Also, I should note that because federal student loans attach to the student alone (they are not marital property), I refused to refinance the loans in a way that would attach to me. I’m happy to help pay them off, but if my partner died or we got divorced, I wouldn’t want to be responsible for them.
While another kept their loans totally separate:
My husband and I both have a big chunk of student loan debt and we pay our own loans separately. We’ve discussed pooling our resources and aggressively attacking our student loans one at a time to pay them off faster, but we haven’t put anything in place to make that happen. We still kind of operate as two individuals who split the joint expenses. Also our other financial goals are taking precedence over our student loans, like saving for retirement and for a house. I would like to see us prioritize paying them off or paying them down significantly in the near future.
One talked about the stress that different styles of handling debt can produce:
Today student loans are a non-issue in our marriage: we both have minimal monthly payments (thanks to early ’00s schooling) with low interest rates and neither of us prioritize paying them off sooner than we’re scheduled to. BUT. When we were very early into our dating days, I found out my partner hadn’t been paying his loans for around three years because he was making cash money, and like… dropped off the grid? Once he got a real job, the loan people found him and threatened to garnish his wages if he didn’t immediately pay $800—which was about as much as the vacation we were supposed to go on the very next day cost. My uber responsible loan-paying self had a meltdown in a public place when I found this all out, but to his immense credit, he quietly sorted it all out, hustled the money up from somewhere, AND still paid for his half of the vacation. Oh, and hasn’t missed a payment since.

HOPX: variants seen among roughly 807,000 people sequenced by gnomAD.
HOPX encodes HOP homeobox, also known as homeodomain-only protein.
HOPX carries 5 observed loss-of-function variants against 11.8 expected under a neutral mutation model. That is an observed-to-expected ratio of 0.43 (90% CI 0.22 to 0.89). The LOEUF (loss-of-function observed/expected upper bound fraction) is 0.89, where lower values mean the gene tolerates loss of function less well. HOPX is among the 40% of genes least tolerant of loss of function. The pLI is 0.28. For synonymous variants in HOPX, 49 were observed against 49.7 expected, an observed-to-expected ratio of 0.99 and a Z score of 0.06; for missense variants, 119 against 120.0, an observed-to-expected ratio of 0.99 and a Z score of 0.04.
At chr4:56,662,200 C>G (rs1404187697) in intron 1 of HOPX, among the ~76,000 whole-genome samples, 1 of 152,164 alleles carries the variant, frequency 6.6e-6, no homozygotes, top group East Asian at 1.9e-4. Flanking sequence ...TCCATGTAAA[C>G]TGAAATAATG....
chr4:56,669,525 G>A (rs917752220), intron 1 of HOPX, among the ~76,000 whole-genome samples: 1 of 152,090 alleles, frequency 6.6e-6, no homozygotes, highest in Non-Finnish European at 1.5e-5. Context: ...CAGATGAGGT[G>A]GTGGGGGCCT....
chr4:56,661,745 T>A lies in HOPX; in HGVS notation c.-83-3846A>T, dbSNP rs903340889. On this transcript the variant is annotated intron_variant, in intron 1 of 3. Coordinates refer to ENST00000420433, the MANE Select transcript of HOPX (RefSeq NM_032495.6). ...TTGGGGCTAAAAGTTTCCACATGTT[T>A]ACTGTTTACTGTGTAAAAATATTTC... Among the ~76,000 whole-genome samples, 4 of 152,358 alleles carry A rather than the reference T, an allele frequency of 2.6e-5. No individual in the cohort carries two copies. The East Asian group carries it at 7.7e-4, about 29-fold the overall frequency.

And then there’s the outlook that most closely resembles my own:
Student loan debt was something that happened for us before we even realized the extent of its ramifications. We now have a ton of it, and no real clue when or if it will ever be paid off. We haven’t had this impact us negatively in any real, big picture kind of way, but we’ve also never tried to buy a house or an expensive car. Our student loan debt even kind of feels like pretend debt, the same way it felt like pretend money when we first received it.
As for me, if I were to get married now, I’d hate for my student loan debt to be counted against me. Taking on my loans was a decision I made when I was a child, before I had any idea what nearly six figures of debt would do to my life. But on the flip side, should we have take responsibility for the financial decisions our partners made alone, before there was a partnership to consider?
But beyond the personal implications, my concern for the rising costs of a four-year education is of the bigger picture: As tuition increases skyrocket, what is student loan debt going to do to the thing we think of as “marriage” moving forward? Because massive debt starts a ripple. We’re already getting married later, having kids later, buying homes later. What happens when you add (two) six-figure repayments to that mix?
Do you or your partner have student loans? How have they impacted your relationship?
*Tuition sources: NYU.edu via the Wayback Machine